Craft Beers in Comparison
For the longest time, all beer aficionados here had to contend with was either Kingfisher or if a bar was feeling particularly adventurous then Tuborg or Carlsberg. Fortunately, in the last few years craft beers—so called because of the level of craftsmanship and high quality of ingredients that go into making these limited production brews—from Belgium, Germany and the US have been slowly making their way to the Indian market. We tasted four distinct types of craft beer currently available in Mumbai, alongside Indian standby Kingfisher Premium Lager, to drink out the difference:
HOEGAARDEN ORIGINAL WHITE ALE
Type: Wheat beer
Alcohol percentage: 4.9% ABV
Price: Rs250 for a 330ml bottle
Hoegaarden, a crisp, drinkable Belgian white ale, is now available at most high-end restaurants, bars and wine shops in Mumbai. A good introduction to a world beyond lagers, it tiptoes the line between craft beer and mass-produced. Non-filtered, this classic Belgian witbeir pours a cloudy pale yellow, and leaves a frothy, creamy head. It smells of citrus, perhaps orange peel, but also contains hints of pepper and coriander. At first taste, the beer is sweet, giving way to a tart, sour finish, owing to the moderate hops. Overall, it’s smooth and easy to drink.
SCHNEIDER WEISSE ORIGINAL
Type: White beer
Alcohol percentage: 5.4% ABV
Price: Rs306 for a 330ml bottle
Hailing from Bavaria, Schneider Weisse is the archetypal German hefeweizen. It pours with a medium head, and is rich, opaque, and caramel in colour, almost like an unfiltered cider. It’s pleasantly aromatic, and smells of bread, banana, and cloves. Sweet and dark, it tastes more malty and less intense than other options in the hefeweizen category, and tastes lovely when paired with an Indian meal.
Type: French farmhouse beer
Alcohol percentage: 6.5% ABV
Price: Rs424 for a 330ml bottle
Saison Dupont was named “the Best Beer in the World” by the magazine Men’s Journal in July 2005. That may have been a bit of hypberbole, but it is a fine example of French farmhouse-brewed beer, which originated as seasonal ales in North France and the French-speaking parts of Belgium but are now brewed through the year. Bubbly when poured, Saison Dupont leaves a massive head, and looks something like cloudy champagne. Its scent profile is dominated by fruitiness, perhaps pears and grapes, with a few stray herbal and floral notes. It tastes sweet and fruity up front, before giving way to a bitter, almost medicinal but pleasing aftertaste, which is like a crisp gin and tonic. While it’s not difficult to knock back a few Saison Dupont, it’s a little too strong for a long session of drinking.
Alcohol percentage: 8% ABV
Price: Rs589 for a 330ml bottle
We owe the world-famous Trappist ale-style to monks in Belgium, who still brew these beers according to well-guarded, centuries-old recipes (Trappist beers get their name from the Roman Catholic order known as the Trappists). Chimay, perhaps the most heralded Trappist brewery, exports three different kinds of these incredibly complex, flavourful beers: Red, White, and Blue. The Chimay Blanche, the middle option, is a Belgian Tripel ale. Belgian Tripels are light-coloured, powerful ales with a drier, crisper taste than most Trappist beers. This one pours amber, yet still opaque and cloudy, with flavourful yeast particles floating about. It has a beautiful, active head, and smells of apples and figs, but is more hoppy and floral than other Trappists. It’s a delight in the mouth—slippery and almost alive with carbonation as the taste profile develops and a hoppy bitterness up front yields to a bold, malty aftertaste, with a heavy fruit component throughout. A strong beer with a high ABV, the very tart and refreshing Chimay White is definitely a dinner or dessert beer not meant for mass consumption; it should be savoured.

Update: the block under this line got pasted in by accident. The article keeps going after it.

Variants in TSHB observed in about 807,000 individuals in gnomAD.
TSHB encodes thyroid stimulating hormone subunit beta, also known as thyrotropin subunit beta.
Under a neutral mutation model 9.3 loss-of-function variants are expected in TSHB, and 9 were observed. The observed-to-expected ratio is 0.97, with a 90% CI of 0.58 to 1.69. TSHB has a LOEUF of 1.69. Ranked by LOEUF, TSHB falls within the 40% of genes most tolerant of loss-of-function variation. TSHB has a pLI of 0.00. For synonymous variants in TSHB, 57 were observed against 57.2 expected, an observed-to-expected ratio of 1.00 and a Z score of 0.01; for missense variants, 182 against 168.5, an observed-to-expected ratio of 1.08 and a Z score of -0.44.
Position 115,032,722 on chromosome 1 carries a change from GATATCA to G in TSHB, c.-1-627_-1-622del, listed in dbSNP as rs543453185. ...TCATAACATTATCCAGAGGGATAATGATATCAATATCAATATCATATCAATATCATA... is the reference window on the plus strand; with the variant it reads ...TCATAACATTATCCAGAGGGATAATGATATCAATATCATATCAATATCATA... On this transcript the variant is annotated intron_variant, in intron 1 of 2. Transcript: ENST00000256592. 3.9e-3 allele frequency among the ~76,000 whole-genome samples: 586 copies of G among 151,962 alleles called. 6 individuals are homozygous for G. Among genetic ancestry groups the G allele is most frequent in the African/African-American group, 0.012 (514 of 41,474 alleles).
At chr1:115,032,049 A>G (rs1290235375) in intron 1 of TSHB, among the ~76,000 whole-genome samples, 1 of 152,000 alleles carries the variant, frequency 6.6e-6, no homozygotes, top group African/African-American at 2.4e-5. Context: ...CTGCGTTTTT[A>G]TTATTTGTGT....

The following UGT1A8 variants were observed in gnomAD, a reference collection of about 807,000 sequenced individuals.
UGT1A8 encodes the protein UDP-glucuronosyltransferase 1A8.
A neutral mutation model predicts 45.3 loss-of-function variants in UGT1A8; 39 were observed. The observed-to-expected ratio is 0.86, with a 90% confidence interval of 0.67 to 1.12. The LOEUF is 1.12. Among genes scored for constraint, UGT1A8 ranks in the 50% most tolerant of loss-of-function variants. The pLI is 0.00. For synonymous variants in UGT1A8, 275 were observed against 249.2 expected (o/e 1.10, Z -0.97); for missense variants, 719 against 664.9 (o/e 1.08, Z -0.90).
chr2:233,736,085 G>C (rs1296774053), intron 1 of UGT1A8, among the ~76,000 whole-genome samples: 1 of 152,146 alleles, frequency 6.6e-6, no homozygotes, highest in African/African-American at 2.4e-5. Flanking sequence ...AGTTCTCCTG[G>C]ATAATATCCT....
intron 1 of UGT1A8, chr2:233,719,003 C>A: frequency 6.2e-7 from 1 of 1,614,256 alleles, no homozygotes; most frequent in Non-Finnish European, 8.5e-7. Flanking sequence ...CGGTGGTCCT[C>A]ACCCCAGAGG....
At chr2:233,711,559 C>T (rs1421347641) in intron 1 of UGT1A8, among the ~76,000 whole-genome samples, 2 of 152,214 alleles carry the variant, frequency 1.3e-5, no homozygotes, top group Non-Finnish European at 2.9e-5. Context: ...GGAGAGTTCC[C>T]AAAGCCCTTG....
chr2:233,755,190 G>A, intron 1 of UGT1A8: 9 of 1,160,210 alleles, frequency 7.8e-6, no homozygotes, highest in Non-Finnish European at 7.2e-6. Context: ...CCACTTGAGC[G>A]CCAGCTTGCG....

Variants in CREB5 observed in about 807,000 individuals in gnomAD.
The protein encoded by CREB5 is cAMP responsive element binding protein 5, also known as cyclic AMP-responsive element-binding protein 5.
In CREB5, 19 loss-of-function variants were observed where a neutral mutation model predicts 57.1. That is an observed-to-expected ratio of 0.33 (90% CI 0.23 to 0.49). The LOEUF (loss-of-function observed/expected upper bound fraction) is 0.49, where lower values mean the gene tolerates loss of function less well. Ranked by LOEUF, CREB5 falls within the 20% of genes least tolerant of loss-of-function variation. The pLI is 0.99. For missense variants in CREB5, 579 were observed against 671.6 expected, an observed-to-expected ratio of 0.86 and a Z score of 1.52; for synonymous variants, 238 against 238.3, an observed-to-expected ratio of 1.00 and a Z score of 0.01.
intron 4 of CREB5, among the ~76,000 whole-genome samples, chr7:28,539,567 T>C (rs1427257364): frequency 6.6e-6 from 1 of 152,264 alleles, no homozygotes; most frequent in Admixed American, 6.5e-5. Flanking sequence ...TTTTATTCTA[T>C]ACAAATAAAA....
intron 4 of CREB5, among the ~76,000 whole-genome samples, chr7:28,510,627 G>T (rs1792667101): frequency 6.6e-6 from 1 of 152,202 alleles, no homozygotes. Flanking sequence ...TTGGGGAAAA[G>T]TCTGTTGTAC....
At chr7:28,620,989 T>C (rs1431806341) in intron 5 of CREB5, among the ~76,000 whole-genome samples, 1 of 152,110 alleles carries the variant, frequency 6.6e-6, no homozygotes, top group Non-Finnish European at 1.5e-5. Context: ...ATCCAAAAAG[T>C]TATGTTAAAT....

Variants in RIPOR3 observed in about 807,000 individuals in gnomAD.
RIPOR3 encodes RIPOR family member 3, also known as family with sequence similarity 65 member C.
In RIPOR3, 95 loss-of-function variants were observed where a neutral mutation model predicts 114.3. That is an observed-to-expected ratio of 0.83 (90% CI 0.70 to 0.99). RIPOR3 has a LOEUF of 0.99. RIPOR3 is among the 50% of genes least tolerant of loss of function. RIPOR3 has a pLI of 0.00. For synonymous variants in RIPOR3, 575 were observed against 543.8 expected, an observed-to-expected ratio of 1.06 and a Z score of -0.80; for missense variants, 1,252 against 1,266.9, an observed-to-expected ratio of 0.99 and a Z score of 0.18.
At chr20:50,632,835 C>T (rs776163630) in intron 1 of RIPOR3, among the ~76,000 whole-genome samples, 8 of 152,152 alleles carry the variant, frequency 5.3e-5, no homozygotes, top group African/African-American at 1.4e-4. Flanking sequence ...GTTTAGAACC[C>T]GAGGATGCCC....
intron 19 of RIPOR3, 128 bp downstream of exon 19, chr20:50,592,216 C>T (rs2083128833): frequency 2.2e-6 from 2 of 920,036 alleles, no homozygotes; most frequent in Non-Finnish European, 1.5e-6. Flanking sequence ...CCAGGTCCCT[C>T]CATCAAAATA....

KINGFISHER PREMIUM LAGER
Type: Pale Lager
Alcohol percentage: 4.8% ABV
Price: Rs50 for a 330ml bottle
Kingfisher is not a bad beer. It’s actually a serviceable example of a pale lager, and is better than most beers brewed in Asia. It’s just unimaginative. It pours a pale yellow, with a tiny, but respectable head. It smells somewhat hoppy and metallic, but not in an entirely unpleasant way. However, compared to the craft beers mentioned above, the scent profile is flat and devoid of floral notes and spices. The taste is slightly oily and grainy, with moderate carbonation. There are hints of hops and fresh grass, and unlike many lagers (think Carlsberg and Heineken), Kingfisher is not too fizzy. It has a crisp, clean finish. Those who want to stick with the lager style, but still desire a craft beer experience, should try Brooklyn Brewery’s Brooklyn Lager, which is one of few truly great lagers available in Mumbai (Rs280).
You can try all the aforementioned craft beers (except Hoegaarden) at the Taj Lands End’s ongoing international beer festival that will run through till Thursday, June 23. While it’s frustrating trying to track down some of these beers, your best bet is a Nature’s Basket outlet, though we suggest you call the stores to confirm whether they have them in stock. See here for locations and numbers.Tags: beer, craft beer